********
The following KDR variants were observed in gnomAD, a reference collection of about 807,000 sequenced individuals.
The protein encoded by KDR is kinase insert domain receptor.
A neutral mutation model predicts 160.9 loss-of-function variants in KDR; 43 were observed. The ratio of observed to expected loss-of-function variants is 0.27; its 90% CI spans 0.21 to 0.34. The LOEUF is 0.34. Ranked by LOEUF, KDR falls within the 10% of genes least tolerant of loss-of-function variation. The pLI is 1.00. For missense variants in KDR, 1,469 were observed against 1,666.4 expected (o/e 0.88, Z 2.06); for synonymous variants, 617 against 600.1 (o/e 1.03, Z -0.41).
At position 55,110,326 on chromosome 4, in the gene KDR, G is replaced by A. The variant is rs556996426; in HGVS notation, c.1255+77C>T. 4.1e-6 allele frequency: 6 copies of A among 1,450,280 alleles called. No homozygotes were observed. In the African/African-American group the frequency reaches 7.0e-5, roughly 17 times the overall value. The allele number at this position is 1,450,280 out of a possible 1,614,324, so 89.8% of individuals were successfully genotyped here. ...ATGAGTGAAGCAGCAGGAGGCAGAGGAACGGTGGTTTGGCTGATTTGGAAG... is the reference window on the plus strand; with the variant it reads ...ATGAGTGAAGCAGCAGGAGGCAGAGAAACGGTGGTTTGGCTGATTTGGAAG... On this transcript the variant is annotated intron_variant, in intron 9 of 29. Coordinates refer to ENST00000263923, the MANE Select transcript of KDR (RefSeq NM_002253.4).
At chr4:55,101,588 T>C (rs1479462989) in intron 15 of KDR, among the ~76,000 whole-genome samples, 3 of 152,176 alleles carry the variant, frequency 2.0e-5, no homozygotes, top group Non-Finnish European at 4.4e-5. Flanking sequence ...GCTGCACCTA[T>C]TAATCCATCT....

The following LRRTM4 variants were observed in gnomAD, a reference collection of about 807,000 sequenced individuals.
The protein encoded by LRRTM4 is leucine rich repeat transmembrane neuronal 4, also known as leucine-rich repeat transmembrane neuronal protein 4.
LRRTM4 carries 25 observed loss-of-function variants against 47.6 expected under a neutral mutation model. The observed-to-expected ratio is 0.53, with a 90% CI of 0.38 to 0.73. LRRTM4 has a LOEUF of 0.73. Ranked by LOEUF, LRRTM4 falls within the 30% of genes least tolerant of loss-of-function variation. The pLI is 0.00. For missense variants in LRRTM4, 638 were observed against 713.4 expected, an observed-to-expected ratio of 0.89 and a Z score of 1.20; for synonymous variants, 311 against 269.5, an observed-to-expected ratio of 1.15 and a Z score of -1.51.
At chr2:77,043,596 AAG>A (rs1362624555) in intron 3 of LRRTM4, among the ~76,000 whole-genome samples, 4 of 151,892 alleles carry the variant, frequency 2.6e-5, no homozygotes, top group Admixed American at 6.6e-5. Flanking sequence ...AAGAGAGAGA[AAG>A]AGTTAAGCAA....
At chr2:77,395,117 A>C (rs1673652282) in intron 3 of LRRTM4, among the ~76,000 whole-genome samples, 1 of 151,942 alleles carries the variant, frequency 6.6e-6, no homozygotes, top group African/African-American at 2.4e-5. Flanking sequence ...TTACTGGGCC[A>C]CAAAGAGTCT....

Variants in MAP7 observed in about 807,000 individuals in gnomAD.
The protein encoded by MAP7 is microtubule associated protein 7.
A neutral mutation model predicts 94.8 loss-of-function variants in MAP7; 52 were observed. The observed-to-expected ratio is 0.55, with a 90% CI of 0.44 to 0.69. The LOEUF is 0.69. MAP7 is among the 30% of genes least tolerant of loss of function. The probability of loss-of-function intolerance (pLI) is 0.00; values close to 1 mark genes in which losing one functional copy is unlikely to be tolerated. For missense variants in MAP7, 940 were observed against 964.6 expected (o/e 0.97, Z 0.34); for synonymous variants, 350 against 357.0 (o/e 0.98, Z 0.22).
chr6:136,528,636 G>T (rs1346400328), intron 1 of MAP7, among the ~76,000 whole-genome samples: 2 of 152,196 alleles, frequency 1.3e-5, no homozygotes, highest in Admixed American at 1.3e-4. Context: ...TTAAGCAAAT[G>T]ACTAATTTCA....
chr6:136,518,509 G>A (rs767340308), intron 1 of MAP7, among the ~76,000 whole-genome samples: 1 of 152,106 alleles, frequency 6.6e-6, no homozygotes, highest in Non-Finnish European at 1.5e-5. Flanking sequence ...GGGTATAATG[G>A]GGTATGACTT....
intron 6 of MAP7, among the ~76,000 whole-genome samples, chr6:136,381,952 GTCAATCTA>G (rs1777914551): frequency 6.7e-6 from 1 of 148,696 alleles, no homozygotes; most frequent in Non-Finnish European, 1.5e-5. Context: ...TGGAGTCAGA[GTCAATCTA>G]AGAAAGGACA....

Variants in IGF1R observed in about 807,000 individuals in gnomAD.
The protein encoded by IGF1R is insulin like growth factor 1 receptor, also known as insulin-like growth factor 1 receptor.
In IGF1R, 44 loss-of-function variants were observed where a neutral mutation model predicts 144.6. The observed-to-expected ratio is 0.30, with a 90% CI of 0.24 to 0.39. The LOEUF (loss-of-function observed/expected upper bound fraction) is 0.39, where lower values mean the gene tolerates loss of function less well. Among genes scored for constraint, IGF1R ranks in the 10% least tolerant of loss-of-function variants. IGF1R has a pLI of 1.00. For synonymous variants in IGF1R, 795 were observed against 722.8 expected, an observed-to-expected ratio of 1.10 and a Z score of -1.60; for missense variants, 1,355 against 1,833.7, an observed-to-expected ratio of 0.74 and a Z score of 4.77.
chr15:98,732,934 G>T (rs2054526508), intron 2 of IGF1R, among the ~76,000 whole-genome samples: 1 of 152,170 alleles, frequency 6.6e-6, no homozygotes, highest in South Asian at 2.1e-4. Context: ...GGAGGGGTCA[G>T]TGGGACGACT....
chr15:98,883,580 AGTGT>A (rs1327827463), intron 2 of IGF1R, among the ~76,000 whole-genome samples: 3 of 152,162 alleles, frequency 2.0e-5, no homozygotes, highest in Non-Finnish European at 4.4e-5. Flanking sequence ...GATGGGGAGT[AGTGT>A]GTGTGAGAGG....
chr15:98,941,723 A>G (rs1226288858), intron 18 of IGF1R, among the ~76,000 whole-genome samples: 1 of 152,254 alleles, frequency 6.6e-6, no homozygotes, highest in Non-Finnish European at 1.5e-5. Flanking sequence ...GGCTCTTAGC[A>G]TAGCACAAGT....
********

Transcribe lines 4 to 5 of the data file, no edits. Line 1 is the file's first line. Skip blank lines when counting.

At position 55,110,326 on chromosome 4, in the gene KDR, G is replaced by A. The variant is rs556996426; in HGVS notation, c.1255+77C>T. 4.1e-6 allele frequency: 6 copies of A among 1,450,280 alleles called. No homozygotes were observed. In the African/African-American group the frequency reaches 7.0e-5, roughly 17 times the overall value. The allele number at this position is 1,450,280 out of a possible 1,614,324, so 89.8% of individuals were successfully genotyped here. ...ATGAGTGAAGCAGCAGGAGGCAGAGGAACGGTGGTTTGGCTGATTTGGAAG... is the reference window on the plus strand; with the variant it reads ...ATGAGTGAAGCAGCAGGAGGCAGAGAAACGGTGGTTTGGCTGATTTGGAAG... On this transcript the variant is annotated intron_variant, in intron 9 of 29. Coordinates refer to ENST00000263923, the MANE Select transcript of KDR (RefSeq NM_002253.4).
At chr4:55,101,588 T>C (rs1479462989) in intron 15 of KDR, among the ~76,000 whole-genome samples, 3 of 152,176 alleles carry the variant, frequency 2.0e-5, no homozygotes, top group Non-Finnish European at 4.4e-5. Flanking sequence ...GCTGCACCTA[T>C]TAATCCATCT....